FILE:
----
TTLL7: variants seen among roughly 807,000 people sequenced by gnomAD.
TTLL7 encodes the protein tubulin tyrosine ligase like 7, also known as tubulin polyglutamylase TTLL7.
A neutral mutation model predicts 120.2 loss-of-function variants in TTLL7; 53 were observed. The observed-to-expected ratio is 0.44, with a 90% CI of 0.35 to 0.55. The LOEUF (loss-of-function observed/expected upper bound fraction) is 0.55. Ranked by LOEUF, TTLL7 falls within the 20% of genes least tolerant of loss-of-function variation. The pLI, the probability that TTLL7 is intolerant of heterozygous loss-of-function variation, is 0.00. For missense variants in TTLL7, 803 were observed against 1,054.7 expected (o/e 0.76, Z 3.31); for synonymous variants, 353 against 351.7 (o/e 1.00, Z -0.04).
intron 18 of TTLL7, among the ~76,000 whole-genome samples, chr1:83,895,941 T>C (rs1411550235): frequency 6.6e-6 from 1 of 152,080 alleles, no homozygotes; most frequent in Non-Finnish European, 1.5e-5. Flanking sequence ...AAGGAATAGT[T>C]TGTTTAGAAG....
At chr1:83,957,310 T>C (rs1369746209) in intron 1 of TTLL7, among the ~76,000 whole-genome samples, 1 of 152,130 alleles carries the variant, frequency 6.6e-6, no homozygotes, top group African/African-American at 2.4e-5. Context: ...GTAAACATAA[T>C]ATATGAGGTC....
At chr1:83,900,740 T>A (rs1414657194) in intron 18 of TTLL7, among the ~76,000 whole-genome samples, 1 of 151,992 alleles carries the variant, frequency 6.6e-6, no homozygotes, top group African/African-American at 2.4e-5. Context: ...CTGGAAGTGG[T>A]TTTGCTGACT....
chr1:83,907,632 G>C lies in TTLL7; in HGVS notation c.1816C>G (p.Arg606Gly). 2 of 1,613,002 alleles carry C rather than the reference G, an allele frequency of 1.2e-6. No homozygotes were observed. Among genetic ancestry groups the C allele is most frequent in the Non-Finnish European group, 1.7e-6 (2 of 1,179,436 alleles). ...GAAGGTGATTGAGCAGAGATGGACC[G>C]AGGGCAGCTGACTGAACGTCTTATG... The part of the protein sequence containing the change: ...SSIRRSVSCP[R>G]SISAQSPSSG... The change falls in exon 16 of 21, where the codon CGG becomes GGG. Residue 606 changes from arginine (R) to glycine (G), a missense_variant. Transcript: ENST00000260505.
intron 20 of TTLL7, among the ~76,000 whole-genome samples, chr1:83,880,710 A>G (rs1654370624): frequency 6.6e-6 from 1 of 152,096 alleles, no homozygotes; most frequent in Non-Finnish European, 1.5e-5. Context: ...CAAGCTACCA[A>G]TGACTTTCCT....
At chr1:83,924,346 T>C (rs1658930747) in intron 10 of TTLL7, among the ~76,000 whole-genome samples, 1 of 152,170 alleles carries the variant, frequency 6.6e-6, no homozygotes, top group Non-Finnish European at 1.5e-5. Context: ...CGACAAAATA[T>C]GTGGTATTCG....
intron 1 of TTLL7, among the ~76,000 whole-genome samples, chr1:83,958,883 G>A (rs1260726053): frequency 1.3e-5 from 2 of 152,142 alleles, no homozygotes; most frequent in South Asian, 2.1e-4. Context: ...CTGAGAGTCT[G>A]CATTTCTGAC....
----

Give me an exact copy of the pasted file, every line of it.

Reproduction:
TTLL7: variants seen among roughly 807,000 people sequenced by gnomAD.
TTLL7 encodes the protein tubulin tyrosine ligase like 7, also known as tubulin polyglutamylase TTLL7.
A neutral mutation model predicts 120.2 loss-of-function variants in TTLL7; 53 were observed. The observed-to-expected ratio is 0.44, with a 90% CI of 0.35 to 0.55. The LOEUF (loss-of-function observed/expected upper bound fraction) is 0.55. Ranked by LOEUF, TTLL7 falls within the 20% of genes least tolerant of loss-of-function variation. The pLI, the probability that TTLL7 is intolerant of heterozygous loss-of-function variation, is 0.00. For missense variants in TTLL7, 803 were observed against 1,054.7 expected (o/e 0.76, Z 3.31); for synonymous variants, 353 against 351.7 (o/e 1.00, Z -0.04).
intron 18 of TTLL7, among the ~76,000 whole-genome samples, chr1:83,895,941 T>C (rs1411550235): frequency 6.6e-6 from 1 of 152,080 alleles, no homozygotes; most frequent in Non-Finnish European, 1.5e-5. Flanking sequence ...AAGGAATAGT[T>C]TGTTTAGAAG....
At chr1:83,957,310 T>C (rs1369746209) in intron 1 of TTLL7, among the ~76,000 whole-genome samples, 1 of 152,130 alleles carries the variant, frequency 6.6e-6, no homozygotes, top group African/African-American at 2.4e-5. Context: ...GTAAACATAA[T>C]ATATGAGGTC....
At chr1:83,900,740 T>A (rs1414657194) in intron 18 of TTLL7, among the ~76,000 whole-genome samples, 1 of 151,992 alleles carries the variant, frequency 6.6e-6, no homozygotes, top group African/African-American at 2.4e-5. Context: ...CTGGAAGTGG[T>A]TTTGCTGACT....
chr1:83,907,632 G>C lies in TTLL7; in HGVS notation c.1816C>G (p.Arg606Gly). 2 of 1,613,002 alleles carry C rather than the reference G, an allele frequency of 1.2e-6. No homozygotes were observed. Among genetic ancestry groups the C allele is most frequent in the Non-Finnish European group, 1.7e-6 (2 of 1,179,436 alleles). ...GAAGGTGATTGAGCAGAGATGGACC[G>C]AGGGCAGCTGACTGAACGTCTTATG... The part of the protein sequence containing the change: ...SSIRRSVSCP[R>G]SISAQSPSSG... The change falls in exon 16 of 21, where the codon CGG becomes GGG. Residue 606 changes from arginine (R) to glycine (G), a missense_variant. Transcript: ENST00000260505.
intron 20 of TTLL7, among the ~76,000 whole-genome samples, chr1:83,880,710 A>G (rs1654370624): frequency 6.6e-6 from 1 of 152,096 alleles, no homozygotes; most frequent in Non-Finnish European, 1.5e-5. Context: ...CAAGCTACCA[A>G]TGACTTTCCT....
At chr1:83,924,346 T>C (rs1658930747) in intron 10 of TTLL7, among the ~76,000 whole-genome samples, 1 of 152,170 alleles carries the variant, frequency 6.6e-6, no homozygotes, top group Non-Finnish European at 1.5e-5. Context: ...CGACAAAATA[T>C]GTGGTATTCG....
intron 1 of TTLL7, among the ~76,000 whole-genome samples, chr1:83,958,883 G>A (rs1260726053): frequency 1.3e-5 from 2 of 152,142 alleles, no homozygotes; most frequent in South Asian, 2.1e-4. Context: ...CTGAGAGTCT[G>A]CATTTCTGAC....